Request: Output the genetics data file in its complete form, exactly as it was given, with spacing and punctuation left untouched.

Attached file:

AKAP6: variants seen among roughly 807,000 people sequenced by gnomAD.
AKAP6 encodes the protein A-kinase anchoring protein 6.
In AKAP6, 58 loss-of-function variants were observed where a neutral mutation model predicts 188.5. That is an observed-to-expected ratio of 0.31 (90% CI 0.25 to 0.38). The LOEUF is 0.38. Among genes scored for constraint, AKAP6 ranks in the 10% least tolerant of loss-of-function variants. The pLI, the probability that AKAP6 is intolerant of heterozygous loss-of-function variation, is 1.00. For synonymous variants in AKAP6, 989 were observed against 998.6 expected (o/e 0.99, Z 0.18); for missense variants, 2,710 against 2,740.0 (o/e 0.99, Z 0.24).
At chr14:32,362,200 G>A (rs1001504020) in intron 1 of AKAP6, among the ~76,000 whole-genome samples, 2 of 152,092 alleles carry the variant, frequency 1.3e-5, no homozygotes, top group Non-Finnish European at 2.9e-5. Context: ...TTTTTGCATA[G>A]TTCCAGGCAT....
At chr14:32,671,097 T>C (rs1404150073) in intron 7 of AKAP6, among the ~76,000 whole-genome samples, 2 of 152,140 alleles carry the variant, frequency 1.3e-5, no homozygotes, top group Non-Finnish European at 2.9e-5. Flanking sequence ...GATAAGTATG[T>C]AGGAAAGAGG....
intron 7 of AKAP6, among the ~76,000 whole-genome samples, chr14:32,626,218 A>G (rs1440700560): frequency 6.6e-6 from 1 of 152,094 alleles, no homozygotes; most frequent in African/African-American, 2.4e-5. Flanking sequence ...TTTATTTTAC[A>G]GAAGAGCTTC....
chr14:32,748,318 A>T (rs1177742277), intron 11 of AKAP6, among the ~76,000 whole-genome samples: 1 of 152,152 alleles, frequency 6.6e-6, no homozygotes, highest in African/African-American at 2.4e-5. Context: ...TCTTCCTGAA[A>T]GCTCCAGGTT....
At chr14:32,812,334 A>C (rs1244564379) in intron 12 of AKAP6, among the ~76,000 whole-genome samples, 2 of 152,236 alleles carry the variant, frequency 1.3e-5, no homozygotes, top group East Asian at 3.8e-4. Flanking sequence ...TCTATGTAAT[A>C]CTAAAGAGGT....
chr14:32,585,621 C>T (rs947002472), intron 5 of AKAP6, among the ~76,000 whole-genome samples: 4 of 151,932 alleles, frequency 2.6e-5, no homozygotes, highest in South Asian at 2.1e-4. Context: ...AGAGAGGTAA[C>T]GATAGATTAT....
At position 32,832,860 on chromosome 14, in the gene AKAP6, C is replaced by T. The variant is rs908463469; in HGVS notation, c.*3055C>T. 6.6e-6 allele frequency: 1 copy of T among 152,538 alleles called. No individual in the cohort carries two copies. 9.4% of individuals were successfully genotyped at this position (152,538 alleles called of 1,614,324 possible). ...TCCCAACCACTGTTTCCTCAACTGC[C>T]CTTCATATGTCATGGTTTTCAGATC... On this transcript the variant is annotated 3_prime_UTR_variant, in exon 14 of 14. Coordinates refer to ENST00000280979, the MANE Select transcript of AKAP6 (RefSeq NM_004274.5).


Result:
AKAP6: variants seen among roughly 807,000 people sequenced by gnomAD.
AKAP6 encodes the protein A-kinase anchoring protein 6.
In AKAP6, 58 loss-of-function variants were observed where a neutral mutation model predicts 188.5. That is an observed-to-expected ratio of 0.31 (90% CI 0.25 to 0.38). The LOEUF is 0.38. Among genes scored for constraint, AKAP6 ranks in the 10% least tolerant of loss-of-function variants. The pLI, the probability that AKAP6 is intolerant of heterozygous loss-of-function variation, is 1.00. For synonymous variants in AKAP6, 989 were observed against 998.6 expected (o/e 0.99, Z 0.18); for missense variants, 2,710 against 2,740.0 (o/e 0.99, Z 0.24).
At chr14:32,362,200 G>A (rs1001504020) in intron 1 of AKAP6, among the ~76,000 whole-genome samples, 2 of 152,092 alleles carry the variant, frequency 1.3e-5, no homozygotes, top group Non-Finnish European at 2.9e-5. Context: ...TTTTTGCATA[G>A]TTCCAGGCAT....
At chr14:32,671,097 T>C (rs1404150073) in intron 7 of AKAP6, among the ~76,000 whole-genome samples, 2 of 152,140 alleles carry the variant, frequency 1.3e-5, no homozygotes, top group Non-Finnish European at 2.9e-5. Flanking sequence ...GATAAGTATG[T>C]AGGAAAGAGG....
intron 7 of AKAP6, among the ~76,000 whole-genome samples, chr14:32,626,218 A>G (rs1440700560): frequency 6.6e-6 from 1 of 152,094 alleles, no homozygotes; most frequent in African/African-American, 2.4e-5. Flanking sequence ...TTTATTTTAC[A>G]GAAGAGCTTC....
chr14:32,748,318 A>T (rs1177742277), intron 11 of AKAP6, among the ~76,000 whole-genome samples: 1 of 152,152 alleles, frequency 6.6e-6, no homozygotes, highest in African/African-American at 2.4e-5. Context: ...TCTTCCTGAA[A>T]GCTCCAGGTT....
At chr14:32,812,334 A>C (rs1244564379) in intron 12 of AKAP6, among the ~76,000 whole-genome samples, 2 of 152,236 alleles carry the variant, frequency 1.3e-5, no homozygotes, top group East Asian at 3.8e-4. Flanking sequence ...TCTATGTAAT[A>C]CTAAAGAGGT....
chr14:32,585,621 C>T (rs947002472), intron 5 of AKAP6, among the ~76,000 whole-genome samples: 4 of 151,932 alleles, frequency 2.6e-5, no homozygotes, highest in South Asian at 2.1e-4. Context: ...AGAGAGGTAA[C>T]GATAGATTAT....
At position 32,832,860 on chromosome 14, in the gene AKAP6, C is replaced by T. The variant is rs908463469; in HGVS notation, c.*3055C>T. 6.6e-6 allele frequency: 1 copy of T among 152,538 alleles called. No individual in the cohort carries two copies. 9.4% of individuals were successfully genotyped at this position (152,538 alleles called of 1,614,324 possible). ...TCCCAACCACTGTTTCCTCAACTGC[C>T]CTTCATATGTCATGGTTTTCAGATC... On this transcript the variant is annotated 3_prime_UTR_variant, in exon 14 of 14. Coordinates refer to ENST00000280979, the MANE Select transcript of AKAP6 (RefSeq NM_004274.5).